"Intuitively, one might imagine that the complete and rapid engulfment in resin, resulting in almost instantaneous demise, might promote the preservation of DNA in a resin entombed insect, but this appears not to be the case," noted Penney to The Telegraph, "So, unfortunately, the Jurassic Park scenario must remain in the realms of fiction."

This is all a bit of a moot point, by the way. Late last year scientists were able to peg the half-life of DNA at 521 years, meaning that, under ideal conditions, every last piece of DNA would be gone by 6.8 million years, and there would only be enough to be readable at around 1.5 million years. The dinos went dodo about 65 million years ago.

Read the entire study at PLOS One: "Absence of Ancient DNA in Sub-Fossil Insect Inclusions Preserved in ‘Anthropocene’ Colombian Copal."

Dinosaur DNA cannot be extracted from amber
 
Old November 23rd, 2013 #4
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Default Giant ‘Siats’ dinosaur discovered, second only to the T.rex in North America

Utah is making a name for itself as the place to unearth dinosaurs. Earlier this year a big-nosed dinosaur was discovered in the state, and just recently a relative of the Tyrannosaurus rex was also unearthed. Today, yet another dinosaur has been discovered: Siats meekerorum. While its name might sound tame, Siats refers to the man-eating monster from the mythology of the Ute Native American people. Siats "was a colossal predator second only to the great T. rex," explains Lindsay Zanno, director of Paleontology at the North Carolina Museum of Natural Sciences.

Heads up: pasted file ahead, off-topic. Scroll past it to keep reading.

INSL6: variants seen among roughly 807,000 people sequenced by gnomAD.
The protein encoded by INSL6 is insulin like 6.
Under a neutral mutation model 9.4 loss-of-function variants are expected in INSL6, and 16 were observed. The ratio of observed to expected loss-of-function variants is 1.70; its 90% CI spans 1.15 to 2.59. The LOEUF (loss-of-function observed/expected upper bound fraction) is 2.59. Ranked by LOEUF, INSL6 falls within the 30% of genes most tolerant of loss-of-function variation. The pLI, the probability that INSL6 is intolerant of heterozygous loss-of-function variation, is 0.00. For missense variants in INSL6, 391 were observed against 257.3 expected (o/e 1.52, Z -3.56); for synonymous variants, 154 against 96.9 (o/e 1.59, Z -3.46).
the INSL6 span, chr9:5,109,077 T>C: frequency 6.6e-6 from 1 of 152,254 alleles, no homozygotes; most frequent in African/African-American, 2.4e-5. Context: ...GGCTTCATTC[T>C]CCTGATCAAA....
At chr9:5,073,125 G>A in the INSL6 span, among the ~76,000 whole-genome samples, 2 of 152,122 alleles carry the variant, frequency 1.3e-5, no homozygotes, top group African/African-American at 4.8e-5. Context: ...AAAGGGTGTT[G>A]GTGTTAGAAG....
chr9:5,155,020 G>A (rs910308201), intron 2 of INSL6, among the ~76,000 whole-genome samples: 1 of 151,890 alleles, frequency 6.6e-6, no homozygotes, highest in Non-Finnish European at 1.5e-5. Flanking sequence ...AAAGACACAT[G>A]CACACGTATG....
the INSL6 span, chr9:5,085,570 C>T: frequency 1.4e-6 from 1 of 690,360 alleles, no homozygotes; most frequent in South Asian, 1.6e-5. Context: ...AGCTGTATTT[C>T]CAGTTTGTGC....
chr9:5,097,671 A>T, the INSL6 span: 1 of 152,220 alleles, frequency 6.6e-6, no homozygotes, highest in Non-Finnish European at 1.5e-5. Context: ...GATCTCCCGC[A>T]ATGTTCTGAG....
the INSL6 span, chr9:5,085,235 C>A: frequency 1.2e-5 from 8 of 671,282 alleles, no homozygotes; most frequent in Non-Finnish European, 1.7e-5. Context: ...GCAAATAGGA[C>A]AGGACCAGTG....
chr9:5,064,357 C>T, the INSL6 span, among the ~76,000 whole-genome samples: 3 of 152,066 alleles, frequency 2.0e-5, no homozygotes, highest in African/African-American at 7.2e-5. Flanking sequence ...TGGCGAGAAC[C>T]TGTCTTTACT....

"A giant 'man eater'"

Siats weighed more than 4 tons and was over 30 feet long, making it a giant carnivorous dinosaur. It might be second only to the T.rex, but it’s not a close relative. Unlike the T.rex, Siats lived in the cretaceous period of dinosaurs that walked the earth around 100 million years ago. While some types of Tyrannosaurus roamed alongside Siats, it wasn’t until Siats became extinct that the Tyrannosaurus family started evolving and growing. During its period on earth, Siats terrorized smaller dinosaurs to prevent them from becoming top predators for millions of years.